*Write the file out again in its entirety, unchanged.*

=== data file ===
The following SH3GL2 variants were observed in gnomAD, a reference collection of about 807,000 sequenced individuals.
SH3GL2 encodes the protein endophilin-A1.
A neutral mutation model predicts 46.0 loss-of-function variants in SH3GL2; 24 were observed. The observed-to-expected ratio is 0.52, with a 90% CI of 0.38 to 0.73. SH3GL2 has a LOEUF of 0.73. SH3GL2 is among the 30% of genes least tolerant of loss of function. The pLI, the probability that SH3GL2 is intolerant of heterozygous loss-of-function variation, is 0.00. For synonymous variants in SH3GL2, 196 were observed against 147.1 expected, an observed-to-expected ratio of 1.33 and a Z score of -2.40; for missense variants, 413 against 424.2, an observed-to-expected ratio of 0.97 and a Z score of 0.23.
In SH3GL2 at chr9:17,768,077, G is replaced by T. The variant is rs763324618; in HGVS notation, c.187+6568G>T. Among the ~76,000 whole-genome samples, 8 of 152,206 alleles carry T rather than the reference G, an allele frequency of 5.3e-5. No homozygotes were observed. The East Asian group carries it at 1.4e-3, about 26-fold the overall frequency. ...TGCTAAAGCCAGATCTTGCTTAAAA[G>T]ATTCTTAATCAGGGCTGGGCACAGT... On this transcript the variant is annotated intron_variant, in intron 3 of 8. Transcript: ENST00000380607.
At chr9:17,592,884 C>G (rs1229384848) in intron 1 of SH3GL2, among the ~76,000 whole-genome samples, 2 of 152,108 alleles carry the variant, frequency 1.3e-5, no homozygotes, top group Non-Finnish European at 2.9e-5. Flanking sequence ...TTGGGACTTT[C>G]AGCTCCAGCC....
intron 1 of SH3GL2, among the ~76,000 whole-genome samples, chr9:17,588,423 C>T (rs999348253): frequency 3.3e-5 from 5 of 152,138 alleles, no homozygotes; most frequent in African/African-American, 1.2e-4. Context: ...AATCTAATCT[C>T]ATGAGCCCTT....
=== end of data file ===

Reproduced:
The following SH3GL2 variants were observed in gnomAD, a reference collection of about 807,000 sequenced individuals.
SH3GL2 encodes the protein endophilin-A1.
A neutral mutation model predicts 46.0 loss-of-function variants in SH3GL2; 24 were observed. The observed-to-expected ratio is 0.52, with a 90% CI of 0.38 to 0.73. SH3GL2 has a LOEUF of 0.73. SH3GL2 is among the 30% of genes least tolerant of loss of function. The pLI, the probability that SH3GL2 is intolerant of heterozygous loss-of-function variation, is 0.00. For synonymous variants in SH3GL2, 196 were observed against 147.1 expected, an observed-to-expected ratio of 1.33 and a Z score of -2.40; for missense variants, 413 against 424.2, an observed-to-expected ratio of 0.97 and a Z score of 0.23.
In SH3GL2 at chr9:17,768,077, G is replaced by T. The variant is rs763324618; in HGVS notation, c.187+6568G>T. Among the ~76,000 whole-genome samples, 8 of 152,206 alleles carry T rather than the reference G, an allele frequency of 5.3e-5. No homozygotes were observed. The East Asian group carries it at 1.4e-3, about 26-fold the overall frequency. ...TGCTAAAGCCAGATCTTGCTTAAAA[G>T]ATTCTTAATCAGGGCTGGGCACAGT... On this transcript the variant is annotated intron_variant, in intron 3 of 8. Transcript: ENST00000380607.
At chr9:17,592,884 C>G (rs1229384848) in intron 1 of SH3GL2, among the ~76,000 whole-genome samples, 2 of 152,108 alleles carry the variant, frequency 1.3e-5, no homozygotes, top group Non-Finnish European at 2.9e-5. Flanking sequence ...TTGGGACTTT[C>G]AGCTCCAGCC....
intron 1 of SH3GL2, among the ~76,000 whole-genome samples, chr9:17,588,423 C>T (rs999348253): frequency 3.3e-5 from 5 of 152,138 alleles, no homozygotes; most frequent in African/African-American, 1.2e-4. Context: ...AATCTAATCT[C>T]ATGAGCCCTT....